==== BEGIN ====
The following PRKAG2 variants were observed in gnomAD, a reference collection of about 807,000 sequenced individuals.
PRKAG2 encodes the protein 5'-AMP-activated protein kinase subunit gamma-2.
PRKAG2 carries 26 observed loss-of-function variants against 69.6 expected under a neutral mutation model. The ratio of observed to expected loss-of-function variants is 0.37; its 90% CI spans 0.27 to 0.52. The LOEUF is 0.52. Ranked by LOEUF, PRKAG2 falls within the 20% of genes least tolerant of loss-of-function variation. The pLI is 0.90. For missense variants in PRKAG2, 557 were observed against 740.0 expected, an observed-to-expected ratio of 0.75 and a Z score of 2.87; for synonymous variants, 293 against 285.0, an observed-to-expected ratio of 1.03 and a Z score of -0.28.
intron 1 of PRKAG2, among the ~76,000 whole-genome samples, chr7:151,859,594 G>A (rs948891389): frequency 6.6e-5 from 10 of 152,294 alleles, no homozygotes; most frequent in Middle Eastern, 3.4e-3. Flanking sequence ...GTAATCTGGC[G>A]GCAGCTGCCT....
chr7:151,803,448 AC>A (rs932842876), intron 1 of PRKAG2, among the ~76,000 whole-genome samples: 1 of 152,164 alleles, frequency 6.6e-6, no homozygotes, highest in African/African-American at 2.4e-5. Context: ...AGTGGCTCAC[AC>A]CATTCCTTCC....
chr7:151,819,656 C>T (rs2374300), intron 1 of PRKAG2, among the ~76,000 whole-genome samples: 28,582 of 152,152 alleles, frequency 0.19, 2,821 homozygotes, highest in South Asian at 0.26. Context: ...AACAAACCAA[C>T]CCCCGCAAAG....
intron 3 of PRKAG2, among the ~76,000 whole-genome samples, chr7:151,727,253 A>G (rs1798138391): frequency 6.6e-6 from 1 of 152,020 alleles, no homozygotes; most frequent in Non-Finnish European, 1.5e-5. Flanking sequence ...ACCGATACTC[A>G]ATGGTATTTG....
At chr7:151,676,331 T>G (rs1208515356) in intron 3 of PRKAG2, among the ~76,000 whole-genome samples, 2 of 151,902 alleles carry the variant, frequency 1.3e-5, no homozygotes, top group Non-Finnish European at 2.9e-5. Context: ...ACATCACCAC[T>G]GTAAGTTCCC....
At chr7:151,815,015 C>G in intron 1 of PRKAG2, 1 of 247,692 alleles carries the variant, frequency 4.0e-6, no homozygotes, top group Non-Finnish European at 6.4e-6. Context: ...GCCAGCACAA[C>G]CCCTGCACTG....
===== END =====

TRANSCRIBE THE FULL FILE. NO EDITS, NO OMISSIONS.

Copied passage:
The following PRKAG2 variants were observed in gnomAD, a reference collection of about 807,000 sequenced individuals.
PRKAG2 encodes the protein 5'-AMP-activated protein kinase subunit gamma-2.
PRKAG2 carries 26 observed loss-of-function variants against 69.6 expected under a neutral mutation model. The ratio of observed to expected loss-of-function variants is 0.37; its 90% CI spans 0.27 to 0.52. The LOEUF is 0.52. Ranked by LOEUF, PRKAG2 falls within the 20% of genes least tolerant of loss-of-function variation. The pLI is 0.90. For missense variants in PRKAG2, 557 were observed against 740.0 expected, an observed-to-expected ratio of 0.75 and a Z score of 2.87; for synonymous variants, 293 against 285.0, an observed-to-expected ratio of 1.03 and a Z score of -0.28.
intron 1 of PRKAG2, among the ~76,000 whole-genome samples, chr7:151,859,594 G>A (rs948891389): frequency 6.6e-5 from 10 of 152,294 alleles, no homozygotes; most frequent in Middle Eastern, 3.4e-3. Flanking sequence ...GTAATCTGGC[G>A]GCAGCTGCCT....
chr7:151,803,448 AC>A (rs932842876), intron 1 of PRKAG2, among the ~76,000 whole-genome samples: 1 of 152,164 alleles, frequency 6.6e-6, no homozygotes, highest in African/African-American at 2.4e-5. Context: ...AGTGGCTCAC[AC>A]CATTCCTTCC....
chr7:151,819,656 C>T (rs2374300), intron 1 of PRKAG2, among the ~76,000 whole-genome samples: 28,582 of 152,152 alleles, frequency 0.19, 2,821 homozygotes, highest in South Asian at 0.26. Context: ...AACAAACCAA[C>T]CCCCGCAAAG....
intron 3 of PRKAG2, among the ~76,000 whole-genome samples, chr7:151,727,253 A>G (rs1798138391): frequency 6.6e-6 from 1 of 152,020 alleles, no homozygotes; most frequent in Non-Finnish European, 1.5e-5. Flanking sequence ...ACCGATACTC[A>G]ATGGTATTTG....
At chr7:151,676,331 T>G (rs1208515356) in intron 3 of PRKAG2, among the ~76,000 whole-genome samples, 2 of 151,902 alleles carry the variant, frequency 1.3e-5, no homozygotes, top group Non-Finnish European at 2.9e-5. Context: ...ACATCACCAC[T>G]GTAAGTTCCC....
At chr7:151,815,015 C>G in intron 1 of PRKAG2, 1 of 247,692 alleles carries the variant, frequency 4.0e-6, no homozygotes, top group Non-Finnish European at 6.4e-6. Context: ...GCCAGCACAA[C>G]CCCTGCACTG....